"The FOMC’s Monetary Policy Statement, which is due at 19:00hrs GMT, will likely be today’s principal talking point. Not that any change in the discount rate is anticipated, but traders will be listening acutely for any suggestion as to when the first of 2017’s three anticipated hikes might kick-off. This will be particularly sensitive for the US$, which yesterday slid to its lowest level against the international basket since Trump’s election was seen to drive the currency to a 14-year high in November. While there may be some truth in the idea that month-end rebalancing by forex traders somewhat weighed on the Dollar, suggestions from President Trump that Japan and China are devaluing their currencies to boost international trade, while a US trade advisor tells the FT that Germany benefits from a ‘grossly undervalued’ Euro, hints that there are some early signs of panic in the White House. Yet the reality of Trump’s rallying call ‘America First’ is founded on inward looking, reflationary and protectionist policies, which are destined primarily to power the US$ ever upward, and something that even Donald might find he can do very little to stop. The damage inflicted on the Mexican Peso after its government drew swords with the President was a clear warning to all US trading partners, but most particularly China, of troubles ahead. Reflecting on this, the Dow Jones remained yesterday’s main casualty, with the other principal US indices closing with just fractional movements. Catching up following the Lunar New Year break, the Hang Seng fell quite sharply, reflecting also news that China’s Manufacturing PMI fell for the second straight month in January. Elsewhere in Asia, the Nikkei recovered from an early setback to close slightly in the positive, while the ASX gained as commodity plays and financials marginally firmed. Other than the Nationwide Housing Prices index, there is little UK macro data due today, although January Markit Manufacturing PMI figures cover most EU territories, including Great Britain. At 10:00hrs GMT, the European commission is also due to release its Economic Growth Forecasts, while later a large batch of US statistics, including ISM Manufacturing, Construction Spending and Vehicle Sales for January, precede this evening’s Fed decision. UK corporates due to release earnings or trading updates include AG Barr (BAG.L), Low & Bonar (LWB.L) and TalkTalk (TALK.L). With the US$ now trading off yesterday’s lows, London equities are expected to recoup some of yesterday’s losses, with the FTSE-100 seen rising some 30 points during opening business. Investors will also be keeping a weary eye out for reports from the Commons this morning, with as many as 100 MPs reportedly planning to vote against a law to trigger Article 50. " - Barry Gibb, Research Analyst

Breakfast Today

  • 23 Jan 17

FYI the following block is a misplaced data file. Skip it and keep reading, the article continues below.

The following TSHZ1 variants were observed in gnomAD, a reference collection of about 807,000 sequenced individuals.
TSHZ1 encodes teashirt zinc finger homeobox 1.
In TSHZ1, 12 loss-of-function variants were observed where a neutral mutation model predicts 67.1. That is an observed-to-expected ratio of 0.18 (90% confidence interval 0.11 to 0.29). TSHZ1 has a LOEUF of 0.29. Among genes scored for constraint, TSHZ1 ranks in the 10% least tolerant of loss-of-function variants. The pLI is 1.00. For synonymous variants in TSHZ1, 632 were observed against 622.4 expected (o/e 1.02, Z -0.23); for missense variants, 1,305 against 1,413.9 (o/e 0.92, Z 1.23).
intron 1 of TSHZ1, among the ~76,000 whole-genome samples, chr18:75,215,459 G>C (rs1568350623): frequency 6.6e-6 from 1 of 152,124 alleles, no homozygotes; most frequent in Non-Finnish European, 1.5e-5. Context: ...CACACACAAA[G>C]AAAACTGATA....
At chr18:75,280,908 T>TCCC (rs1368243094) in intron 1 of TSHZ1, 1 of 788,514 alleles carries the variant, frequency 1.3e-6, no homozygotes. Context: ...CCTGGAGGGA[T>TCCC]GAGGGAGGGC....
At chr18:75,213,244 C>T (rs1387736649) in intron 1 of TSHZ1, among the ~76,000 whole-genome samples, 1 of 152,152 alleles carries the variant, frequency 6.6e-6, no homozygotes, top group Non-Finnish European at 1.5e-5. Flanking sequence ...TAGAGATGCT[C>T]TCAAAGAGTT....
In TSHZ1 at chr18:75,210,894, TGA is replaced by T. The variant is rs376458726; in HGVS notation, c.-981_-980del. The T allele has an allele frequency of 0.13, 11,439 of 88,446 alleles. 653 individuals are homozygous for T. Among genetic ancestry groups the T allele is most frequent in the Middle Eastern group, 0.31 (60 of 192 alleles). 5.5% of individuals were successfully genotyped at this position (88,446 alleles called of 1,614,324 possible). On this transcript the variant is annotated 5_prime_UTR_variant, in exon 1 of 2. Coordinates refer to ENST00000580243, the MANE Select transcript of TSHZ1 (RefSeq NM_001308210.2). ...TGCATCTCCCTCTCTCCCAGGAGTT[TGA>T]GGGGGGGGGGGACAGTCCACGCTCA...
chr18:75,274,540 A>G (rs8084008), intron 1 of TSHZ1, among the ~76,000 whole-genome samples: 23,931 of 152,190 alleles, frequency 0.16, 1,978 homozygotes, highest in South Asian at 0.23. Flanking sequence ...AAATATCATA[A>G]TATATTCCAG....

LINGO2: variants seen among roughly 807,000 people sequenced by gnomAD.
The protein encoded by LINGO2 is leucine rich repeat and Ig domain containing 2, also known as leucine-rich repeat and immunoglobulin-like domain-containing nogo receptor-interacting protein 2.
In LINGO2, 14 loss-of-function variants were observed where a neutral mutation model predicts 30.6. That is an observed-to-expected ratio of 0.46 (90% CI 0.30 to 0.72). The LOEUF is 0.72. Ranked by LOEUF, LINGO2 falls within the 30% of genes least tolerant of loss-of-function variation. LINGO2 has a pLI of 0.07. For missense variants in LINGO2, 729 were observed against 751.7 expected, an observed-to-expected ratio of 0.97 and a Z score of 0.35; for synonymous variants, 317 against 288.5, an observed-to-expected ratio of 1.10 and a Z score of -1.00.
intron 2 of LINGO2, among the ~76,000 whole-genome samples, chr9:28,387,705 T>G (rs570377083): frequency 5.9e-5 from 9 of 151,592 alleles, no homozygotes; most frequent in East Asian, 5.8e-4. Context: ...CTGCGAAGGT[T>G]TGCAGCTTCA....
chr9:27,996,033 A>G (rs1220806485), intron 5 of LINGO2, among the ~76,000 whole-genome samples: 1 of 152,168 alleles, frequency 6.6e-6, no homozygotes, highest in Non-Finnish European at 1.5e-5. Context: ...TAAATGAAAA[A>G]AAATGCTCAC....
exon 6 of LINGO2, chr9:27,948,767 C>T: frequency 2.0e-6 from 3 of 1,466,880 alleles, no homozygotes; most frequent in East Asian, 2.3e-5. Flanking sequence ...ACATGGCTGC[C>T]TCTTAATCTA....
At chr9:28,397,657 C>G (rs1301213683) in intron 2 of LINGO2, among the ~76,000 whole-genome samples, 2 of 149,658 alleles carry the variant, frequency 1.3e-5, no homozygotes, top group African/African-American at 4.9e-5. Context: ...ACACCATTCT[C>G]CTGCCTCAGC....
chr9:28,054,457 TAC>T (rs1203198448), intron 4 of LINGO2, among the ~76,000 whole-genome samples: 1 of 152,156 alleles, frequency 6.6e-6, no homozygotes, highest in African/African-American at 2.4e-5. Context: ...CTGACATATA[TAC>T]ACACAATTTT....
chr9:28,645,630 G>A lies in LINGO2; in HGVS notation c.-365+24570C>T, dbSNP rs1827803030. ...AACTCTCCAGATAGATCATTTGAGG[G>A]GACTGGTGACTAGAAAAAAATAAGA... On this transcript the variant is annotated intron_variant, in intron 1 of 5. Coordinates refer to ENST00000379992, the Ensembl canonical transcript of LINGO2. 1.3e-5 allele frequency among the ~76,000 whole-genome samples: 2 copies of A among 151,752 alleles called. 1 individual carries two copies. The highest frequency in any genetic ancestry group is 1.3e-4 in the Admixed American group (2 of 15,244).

Donald Trump's inauguration speech on Friday at least came across as reasonably presidential; for once his statement had been scripted and the bullets not preceeded on Twitter in the middle of the night. There was no 'rabbit pulled out of the hat', but his protectionist 'America First' address at least tried to make some amends with offended minorities, kicked-off his campaign pledges with the order to dismantle Obamacare and set about gathering international friends around him, starting this Friday with UK Prime Minister, Theresa May, who is the first foreign leader to be invited to meet him in the White House. There are, of course, many pressing issues of global significance for the two to discuss but, bringing back the framework for US:UK trade deal would a certainly be an early feather in her cap. So things appear to have started well, but judgement is usually taken during a President's first 100 days with the US$ generally the barometer of success or failure. Most likely Trump will try to wear the expansionary shoes that won Ronald Reagan such plaudits but in truth they do not appear to fit that well; Reagan inherited an economy with double-digit unemployment and inflation; by comparison Obama has handed over a country with low consumer price growth that effectively enjoys full employment. The promise to spend, spend, spend on infrastructure and defence, while aggressively cutting taxes, threatens a surge in public debt at a time when aggressive trade policies could potentially backfire; this could knock the nation's credit rating which, following a four years equity bull market, suggests it will be tricky to keep valuations forever rising. So although the new President still has an awful lot to prove to his party faithful, on Friday markets gave him the benefit of the doubt, with all principal US indices rising led by energy stocks as hopes of compliance with OPEC's production agreement rose, while Treasuries fell and the US$ gyrated. The Nikkei was Asia's main casualty as the Yen rose in the absence of a rallying Dollar and the ASX continued its recent phase of profit taking, while Chinese equities saw just fractionally positive moves. European markets open this morning having seen France's own presidential campaign heat up somewhat, with a leftist taking the lead in the Socialist Party primary, ahead of the scheduled 23rd April election. Today is relatively light in terms of macroeconomic releases, with nothing significant due from the UK, while the Eurozone will only produce January preliminary Consumer Confidence data, while later this evening ECB President, Mario Draghi is due to make a speech. No major UK corporates are due to release earnings or trading updates this morning, although a few including Alliance Pharma (APH.L), LightwaveRF (LWRF.L), Lamprell (LAM.L), Paddy Power Betfair (PPB.L) and SThree (STHR.L) are anticipated. London is feeling rather anticlimactic this morning suggesting the FTSE-100 will open weaker, losing perhaps 35 points in opening trade. This afternoon, quarterlies form a number of US majors, including McDonald's and Yahoo, will likely grab the limelight.